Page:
In so doing, we make several contributions. First, this study contributes to a theoretical understanding of the mixed consequences of UPB. Previous studies have focused on the antecedent variables of UPB, but not enough attention has been paid to its possible complex results (Wang et al., 2018). Based on the supervisor-subordinate context, this study focuses on the dual effects of leaders’ UPB on subordinates’ unethical behaviors and OCB. This will provide a deeper understanding of the complex functions of UPB in an organization. Second, this study contributes to the literature on UPB by examining the moderating effect of Machiavellianism. Although the existing UPB literature has proposed the nature of its complexity, it mainly emphasizes its apparent intention and external behavior (Umphress and Bingham, 2011), and seldom deals with its true motivation. As an important personality trait related to individual moral decision making, Machiavellianism will provide important social cues for subordinates to infer the real motive behind why leaders conduct UPB. The comprehensive social information also helps subordinates make corresponding judgments and behavioral responses to leaders’ UPB. Finally, we contribute to the literature on (un)ethical leadership processes by examining the cognitive mechanism in the interactive effect of leaders’ UPB and Machiavellianism on subordinates’ behaviors. Previous research on (un)ethical leadership processes has mainly focused on social learning and social exchange perspectives (Brown et al., 2005; Qian et al., 2017). Our study adopts the social cognitive perspective and proposes that employee moral disengagement and organizational identification work as the psychological mechanism underlying the link between the interaction of leaders’ UPB and Machiavellianism and employee behaviors, which provides a novel theoretical perspective in inspecting (un)ethical leadership processes. Our research model is shown in Figure 1.
Literature Review and Hypotheses
Leaders’ UPB and Subordinates’ Unethical Behavior and OCB
A series of business scandals (e.g., Enron, Toshiba) have resulted in greater attention being placed on unethical behaviors in organizational settings. Generally, unethical behavior refers to “any organizational member action that violates widely accepted (societal) moral norms” (Kish-Gephart et al., 2010, p. 2), and is then treated as harmful to the sustainable development of the overall organization (Treviño et al., 2006, 2014; Carberry et al., 2018). However, recent research has found that employees may engage in a new form of unethical behavior in order to benefit their organizations, referred to as UPB (Umphress et al., 2010; Effelsberg and Solga, 2015). For example, one salesman may lie to customers to protect the company image, or one financial manager may falsify financial data in order to make the company have more positive financial data. The new concept of UPB was proposed by Umphress et al. (2010). According to their view, UPB incorporates two key components. First, UPB is unethical, meaning that the behavior violates global societal norms rather than merely violating organizational norms. The second component is pro-organizational, meaning that the behavior is intended to benefit the organizations or its members.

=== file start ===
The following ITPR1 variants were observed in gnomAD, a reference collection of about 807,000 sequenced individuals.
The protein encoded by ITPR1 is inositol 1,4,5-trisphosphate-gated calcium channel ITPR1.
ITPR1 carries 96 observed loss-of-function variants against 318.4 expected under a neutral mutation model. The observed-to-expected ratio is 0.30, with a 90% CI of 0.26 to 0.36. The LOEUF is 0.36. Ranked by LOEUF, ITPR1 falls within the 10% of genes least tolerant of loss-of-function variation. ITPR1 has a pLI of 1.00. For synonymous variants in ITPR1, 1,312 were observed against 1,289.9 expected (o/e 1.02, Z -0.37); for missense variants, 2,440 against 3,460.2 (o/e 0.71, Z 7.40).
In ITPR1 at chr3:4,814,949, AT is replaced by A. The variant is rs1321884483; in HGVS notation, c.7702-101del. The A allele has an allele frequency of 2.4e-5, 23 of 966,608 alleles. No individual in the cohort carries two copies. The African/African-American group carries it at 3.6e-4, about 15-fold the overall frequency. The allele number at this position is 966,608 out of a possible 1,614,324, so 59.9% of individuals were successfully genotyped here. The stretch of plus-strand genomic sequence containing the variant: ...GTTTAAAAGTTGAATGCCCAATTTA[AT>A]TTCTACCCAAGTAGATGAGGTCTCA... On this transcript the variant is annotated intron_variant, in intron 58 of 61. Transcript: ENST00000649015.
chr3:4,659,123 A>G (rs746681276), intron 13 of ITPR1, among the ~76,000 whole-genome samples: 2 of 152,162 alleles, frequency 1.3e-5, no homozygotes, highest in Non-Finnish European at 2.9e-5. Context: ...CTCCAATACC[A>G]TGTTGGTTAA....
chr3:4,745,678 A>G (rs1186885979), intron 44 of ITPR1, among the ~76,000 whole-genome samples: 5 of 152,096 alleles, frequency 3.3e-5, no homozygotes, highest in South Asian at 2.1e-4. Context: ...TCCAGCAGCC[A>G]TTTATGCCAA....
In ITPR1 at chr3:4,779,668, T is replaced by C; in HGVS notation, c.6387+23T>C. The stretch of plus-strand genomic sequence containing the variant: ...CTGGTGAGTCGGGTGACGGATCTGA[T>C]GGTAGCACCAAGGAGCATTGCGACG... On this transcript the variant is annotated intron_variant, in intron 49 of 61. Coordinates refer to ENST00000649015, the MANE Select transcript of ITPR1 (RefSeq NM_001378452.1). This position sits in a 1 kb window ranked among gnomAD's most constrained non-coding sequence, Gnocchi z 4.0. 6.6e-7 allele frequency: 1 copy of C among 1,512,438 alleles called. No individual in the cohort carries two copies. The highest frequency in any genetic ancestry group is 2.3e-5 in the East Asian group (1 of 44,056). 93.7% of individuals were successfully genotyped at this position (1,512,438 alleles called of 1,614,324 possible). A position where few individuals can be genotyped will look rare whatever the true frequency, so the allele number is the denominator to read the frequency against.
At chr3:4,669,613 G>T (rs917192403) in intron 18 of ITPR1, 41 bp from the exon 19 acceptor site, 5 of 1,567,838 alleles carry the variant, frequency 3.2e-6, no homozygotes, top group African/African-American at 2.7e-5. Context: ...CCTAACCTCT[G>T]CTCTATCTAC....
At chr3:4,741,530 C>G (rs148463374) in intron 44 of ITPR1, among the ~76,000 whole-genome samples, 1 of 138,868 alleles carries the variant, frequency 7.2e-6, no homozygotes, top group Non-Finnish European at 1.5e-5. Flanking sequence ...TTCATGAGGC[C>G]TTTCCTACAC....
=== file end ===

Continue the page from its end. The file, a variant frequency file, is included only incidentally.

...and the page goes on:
The two different characteristics of UPB may bring two different results. According to the theory of social information processing (Salancik and Pfeffer, 1978), the behavior of superiors is important social information for subordinates to interpret in the working environment, which leads to different behaviors of individuals. On the one hand, because the UPB implemented by leaders has the unethical attribute (Umphress et al., 2010; Umphress and Bingham, 2011), it will make the subordinates feel that the behavior violating the social norms in the organization is accepted by the organization or its leaders. This will give them greater courage to carry out various types of unethical behaviors themselves. In other words, leaders’ UPB may be positively correlated to subordinates’ unethical behavior. On the other hand, since UPB is designed to promote the development of organizations and their members, it will make subordinates pay attention to the importance of altruistic behaviors in the organization and then implement similar behaviors accordingly. At the same time, the pro-organizational side of UPB may also help leaders establish a high-quality exchange relationship with their subordinates (Wang et al., 2018). Since the superior is the agent of the organization, the subordinate may reciprocate to the superior and organization by implementing positive behaviors, such as OCB, defined as behavior that is not formally requested or directly rewarded but can be functional to the operations of an organization (Gouldner, 1960; Smith et al., 1983; Cropanzano and Mitchell, 2005). This means that leaders’ UPB may also trigger the OCB of the subordinate.